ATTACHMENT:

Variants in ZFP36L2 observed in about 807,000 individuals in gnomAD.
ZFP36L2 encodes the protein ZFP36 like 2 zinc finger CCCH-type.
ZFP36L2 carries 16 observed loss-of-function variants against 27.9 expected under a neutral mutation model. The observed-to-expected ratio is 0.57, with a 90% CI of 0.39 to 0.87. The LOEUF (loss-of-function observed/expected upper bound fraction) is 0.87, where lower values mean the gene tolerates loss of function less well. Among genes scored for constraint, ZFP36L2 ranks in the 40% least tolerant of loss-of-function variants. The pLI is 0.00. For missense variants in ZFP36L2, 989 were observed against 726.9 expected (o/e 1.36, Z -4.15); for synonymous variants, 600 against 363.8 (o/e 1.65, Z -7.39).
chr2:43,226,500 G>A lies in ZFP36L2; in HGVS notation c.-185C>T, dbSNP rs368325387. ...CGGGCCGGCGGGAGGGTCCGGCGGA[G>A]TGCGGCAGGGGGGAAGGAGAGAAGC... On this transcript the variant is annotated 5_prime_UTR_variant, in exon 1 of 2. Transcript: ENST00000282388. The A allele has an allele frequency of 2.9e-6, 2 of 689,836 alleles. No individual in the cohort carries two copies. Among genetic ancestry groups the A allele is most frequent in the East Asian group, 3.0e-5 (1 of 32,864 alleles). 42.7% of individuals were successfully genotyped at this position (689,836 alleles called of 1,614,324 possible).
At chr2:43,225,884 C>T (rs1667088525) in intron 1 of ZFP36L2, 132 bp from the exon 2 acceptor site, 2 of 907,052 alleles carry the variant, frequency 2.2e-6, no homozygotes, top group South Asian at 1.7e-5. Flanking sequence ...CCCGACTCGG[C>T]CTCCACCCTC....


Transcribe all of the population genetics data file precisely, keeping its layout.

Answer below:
Variants in ZFP36L2 observed in about 807,000 individuals in gnomAD.
ZFP36L2 encodes the protein ZFP36 like 2 zinc finger CCCH-type.
ZFP36L2 carries 16 observed loss-of-function variants against 27.9 expected under a neutral mutation model. The observed-to-expected ratio is 0.57, with a 90% CI of 0.39 to 0.87. The LOEUF (loss-of-function observed/expected upper bound fraction) is 0.87, where lower values mean the gene tolerates loss of function less well. Among genes scored for constraint, ZFP36L2 ranks in the 40% least tolerant of loss-of-function variants. The pLI is 0.00. For missense variants in ZFP36L2, 989 were observed against 726.9 expected (o/e 1.36, Z -4.15); for synonymous variants, 600 against 363.8 (o/e 1.65, Z -7.39).
chr2:43,226,500 G>A lies in ZFP36L2; in HGVS notation c.-185C>T, dbSNP rs368325387. ...CGGGCCGGCGGGAGGGTCCGGCGGA[G>A]TGCGGCAGGGGGGAAGGAGAGAAGC... On this transcript the variant is annotated 5_prime_UTR_variant, in exon 1 of 2. Transcript: ENST00000282388. The A allele has an allele frequency of 2.9e-6, 2 of 689,836 alleles. No individual in the cohort carries two copies. Among genetic ancestry groups the A allele is most frequent in the East Asian group, 3.0e-5 (1 of 32,864 alleles). 42.7% of individuals were successfully genotyped at this position (689,836 alleles called of 1,614,324 possible).
At chr2:43,225,884 C>T (rs1667088525) in intron 1 of ZFP36L2, 132 bp from the exon 2 acceptor site, 2 of 907,052 alleles carry the variant, frequency 2.2e-6, no homozygotes, top group South Asian at 1.7e-5. Flanking sequence ...CCCGACTCGG[C>T]CTCCACCCTC....